Meet Kadence: I Didn’t Know the First Thing About How to Get to College
PeerForward alumni have followed many career paths and found much success. Here, Kadence Pitter shares her journey.
When did you become a part of PeerForward? Please share your Summer Workshop experience.
My summer workshop was at Yale University in 2011. I remember a young man coming into my classroom and asking if we would be willing to serve as a peer mentor for our fellow classmates. Everyone raised their hands. Then he asked, “Who would be willing to spend a few days away during the summer on a college campus?” My hand was the first that went up.
I stayed in Pierson College, one of Yale’s many residential halls. The days were long and hot, but they were worth it. I remember going home and feeling both liberated and empowered, thanks to the rap sessions, FAFSA activities, and intense sessions with my Writing Coach.
How did PeerForward help you prepare for college? How has PeerForward influenced your college experience?
PeerForward has helped me prepare for college in many more ways than one. Perhaps the most profound lesson I learned from the whole experience was that I could do it. When I participated in the program, I had only been living here for a year. I knew I was going to college, but I didn’t know the first thing about how to get there. My goal was to find a way to pay for school myself so that my parents wouldn’t have added expenses. Thus, while at the workshop, I took in all that I could during the Tower of Power session. I learned that no matter how limited my financial resources are, there was always a way. One of my Alumni Leaders mentioned she was able to go to college for free. I told myself, “I want to be like her.” Today, I can proudly say that I was able to achieve a scholarship for full tuition!
What obstacles or challenges did you have to overcome in order to get to college?
The biggest challenge I had to overcome in order to get to college was understanding how to navigate the process. Being here for only a year, there was very little that I knew about choosing the right school. While I did have very helpful counselors, they were also assisting many other students. As a result, I was not able to sit with them as long as I needed to, and have all of my questions answered. PeerForward definitely helped me in that respect. The program personalized the process, made it about me and my story, which helped me find a college that would be the best for me, and a campus that would allow me to make the most out of my experience.
How did you and your fellow Peer Leaders help create a college-going culture? Please share any events, campaigns or programs that you planned for your high school.
Within my high school, my fellow Peer Leaders and I did a lot in efforts to impart unto the students the knowledge we had gained at our workshop. We ran a FAFSA parent-student night with the help of our PeerForward partnering teachers. We also reenacted Tower of Power to get them to understand how the financial aid process works. It was a huge success. Individually, we had our own campaigns as well. We sometimes assisted students one-on-one with their personal statements. Sometimes we were there helping with the Common App, answering questions as they came up. My personal campaign was scholarships. Whenever I received information about a scholarship, I would text the members of my class the details: where they could apply, eligibility requirements, and refer them to the guidance counselor’s office for applications and more information.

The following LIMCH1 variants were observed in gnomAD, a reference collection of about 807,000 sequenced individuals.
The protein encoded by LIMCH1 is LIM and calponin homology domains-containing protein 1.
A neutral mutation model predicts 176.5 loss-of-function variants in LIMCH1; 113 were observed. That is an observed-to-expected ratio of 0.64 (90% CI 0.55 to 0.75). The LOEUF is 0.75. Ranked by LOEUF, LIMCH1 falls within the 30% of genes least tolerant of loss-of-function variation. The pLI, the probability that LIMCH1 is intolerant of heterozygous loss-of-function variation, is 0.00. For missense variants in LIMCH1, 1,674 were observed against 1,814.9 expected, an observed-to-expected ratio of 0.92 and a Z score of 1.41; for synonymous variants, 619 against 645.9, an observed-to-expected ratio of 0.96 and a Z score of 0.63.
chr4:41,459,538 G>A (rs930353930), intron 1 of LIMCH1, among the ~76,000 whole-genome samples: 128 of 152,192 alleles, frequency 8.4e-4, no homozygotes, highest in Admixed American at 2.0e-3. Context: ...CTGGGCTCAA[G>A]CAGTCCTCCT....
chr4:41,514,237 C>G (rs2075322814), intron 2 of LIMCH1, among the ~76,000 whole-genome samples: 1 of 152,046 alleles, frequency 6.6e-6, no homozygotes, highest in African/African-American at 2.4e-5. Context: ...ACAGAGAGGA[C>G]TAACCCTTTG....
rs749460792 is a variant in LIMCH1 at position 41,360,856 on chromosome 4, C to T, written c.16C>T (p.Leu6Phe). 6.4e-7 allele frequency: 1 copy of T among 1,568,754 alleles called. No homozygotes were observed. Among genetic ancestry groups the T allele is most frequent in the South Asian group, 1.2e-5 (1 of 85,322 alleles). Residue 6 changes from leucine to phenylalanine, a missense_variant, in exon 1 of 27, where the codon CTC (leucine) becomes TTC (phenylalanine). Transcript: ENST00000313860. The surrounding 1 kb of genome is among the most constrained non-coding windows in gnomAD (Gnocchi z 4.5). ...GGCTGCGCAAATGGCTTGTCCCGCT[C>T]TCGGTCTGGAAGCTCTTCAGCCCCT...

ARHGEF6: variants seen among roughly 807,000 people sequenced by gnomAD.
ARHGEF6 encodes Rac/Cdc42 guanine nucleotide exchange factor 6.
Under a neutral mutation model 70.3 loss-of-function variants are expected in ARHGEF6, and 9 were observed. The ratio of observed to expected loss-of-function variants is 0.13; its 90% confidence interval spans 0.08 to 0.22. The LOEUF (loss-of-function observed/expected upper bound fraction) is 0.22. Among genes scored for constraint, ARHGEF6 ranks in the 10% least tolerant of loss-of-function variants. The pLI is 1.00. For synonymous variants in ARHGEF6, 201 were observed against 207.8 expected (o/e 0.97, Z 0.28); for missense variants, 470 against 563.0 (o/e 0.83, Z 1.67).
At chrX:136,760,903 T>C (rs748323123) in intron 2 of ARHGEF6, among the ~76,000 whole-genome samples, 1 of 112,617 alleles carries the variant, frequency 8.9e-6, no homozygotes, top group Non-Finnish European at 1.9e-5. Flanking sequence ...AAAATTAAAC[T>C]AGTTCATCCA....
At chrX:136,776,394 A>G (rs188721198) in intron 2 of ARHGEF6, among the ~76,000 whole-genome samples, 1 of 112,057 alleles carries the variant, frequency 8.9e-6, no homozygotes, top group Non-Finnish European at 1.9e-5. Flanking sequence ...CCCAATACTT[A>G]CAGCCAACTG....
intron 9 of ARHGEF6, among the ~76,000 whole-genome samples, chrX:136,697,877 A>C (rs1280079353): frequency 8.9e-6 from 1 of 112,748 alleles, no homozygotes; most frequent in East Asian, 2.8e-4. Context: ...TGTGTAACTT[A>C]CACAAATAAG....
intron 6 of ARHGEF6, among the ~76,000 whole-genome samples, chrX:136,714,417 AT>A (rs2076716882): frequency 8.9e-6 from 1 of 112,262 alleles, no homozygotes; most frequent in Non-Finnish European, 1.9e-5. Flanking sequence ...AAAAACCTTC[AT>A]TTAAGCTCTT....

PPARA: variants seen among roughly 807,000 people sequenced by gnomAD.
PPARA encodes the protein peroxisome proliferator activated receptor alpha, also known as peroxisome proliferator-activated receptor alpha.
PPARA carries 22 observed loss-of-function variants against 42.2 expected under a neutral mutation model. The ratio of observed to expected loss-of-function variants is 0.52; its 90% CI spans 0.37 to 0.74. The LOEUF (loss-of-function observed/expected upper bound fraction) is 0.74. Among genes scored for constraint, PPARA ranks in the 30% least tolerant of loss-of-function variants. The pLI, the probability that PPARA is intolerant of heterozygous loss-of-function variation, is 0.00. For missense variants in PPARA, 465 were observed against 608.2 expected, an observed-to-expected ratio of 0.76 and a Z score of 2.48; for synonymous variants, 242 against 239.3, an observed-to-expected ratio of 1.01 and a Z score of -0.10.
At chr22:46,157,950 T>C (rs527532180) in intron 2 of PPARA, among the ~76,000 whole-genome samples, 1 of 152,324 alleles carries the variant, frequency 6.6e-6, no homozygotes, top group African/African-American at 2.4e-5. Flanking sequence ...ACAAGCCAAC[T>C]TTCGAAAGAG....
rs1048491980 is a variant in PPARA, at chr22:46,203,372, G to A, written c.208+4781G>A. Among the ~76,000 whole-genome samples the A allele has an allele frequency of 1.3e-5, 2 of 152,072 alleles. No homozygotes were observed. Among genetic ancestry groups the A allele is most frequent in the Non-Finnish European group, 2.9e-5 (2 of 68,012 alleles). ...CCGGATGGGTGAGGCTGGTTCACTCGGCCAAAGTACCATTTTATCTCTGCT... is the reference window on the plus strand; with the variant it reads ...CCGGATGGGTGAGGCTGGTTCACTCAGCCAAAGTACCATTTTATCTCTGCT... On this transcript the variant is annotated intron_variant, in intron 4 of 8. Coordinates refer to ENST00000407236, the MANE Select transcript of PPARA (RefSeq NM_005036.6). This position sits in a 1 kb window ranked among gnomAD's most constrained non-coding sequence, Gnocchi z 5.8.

What campus activities are you involved in?
Currently, I work on campus with the Academic Media Services department as an Audiovisual Technician. My responsibility is to assist professors with media equipment in their classrooms should they have any issues, and assemble it for presentations and events throughout campus. I am also a Horizons Mentor Coordinator, which is a mentoring program for multicultural first year students. Additionally, I have been chosen as a Global Ambassador, which is a role associated with a program consisting of a few select students who have studied abroad. We have monthly meetings, and plan and facilitate events and information sessions for other students who have or are thinking about studying abroad. On Fridays, I host a radio show called “Lyrikally Lyrikz” at my school’s radio station, where I play music from the Caribbean diaspora in an effort to educate students about our style of music. I am also a member of the Women Empowered club.
What do you plan to do after college?
After graduation, I hope to begin my career in the field of marketing. I am currently in the process of applying for jobs, and so far I have two prospects: New York Life Insurance as a Financial Advisor, and Cumulus Media, Providence, as an Account Representative. My plan is to do a maximum of two years to gain some field experience, and then continue my education in pursuit of my Master’s Degree, in order to get a more comprehensive education in the subject.
What advice do you have for high school seniors who are on the fence about going to college?
To those of you who are unsure about college, I would say do it. It is better to have tried than to not have tried at all, and then ask yourself “What if?” Personally, that is one of the feelings I dislike the most. Also, don’t doubt yourself. I find myself doing the same thing at times, only to realize that I am limiting my own capabilities and accomplishments. Believing in yourself and trusting in your abilities is one of the best things that you can do for you. So don’t let the fear of the unknown stop you from going after what you want. Eventually, you get comfortable with what was once uncomfortable, and you start reaching for more.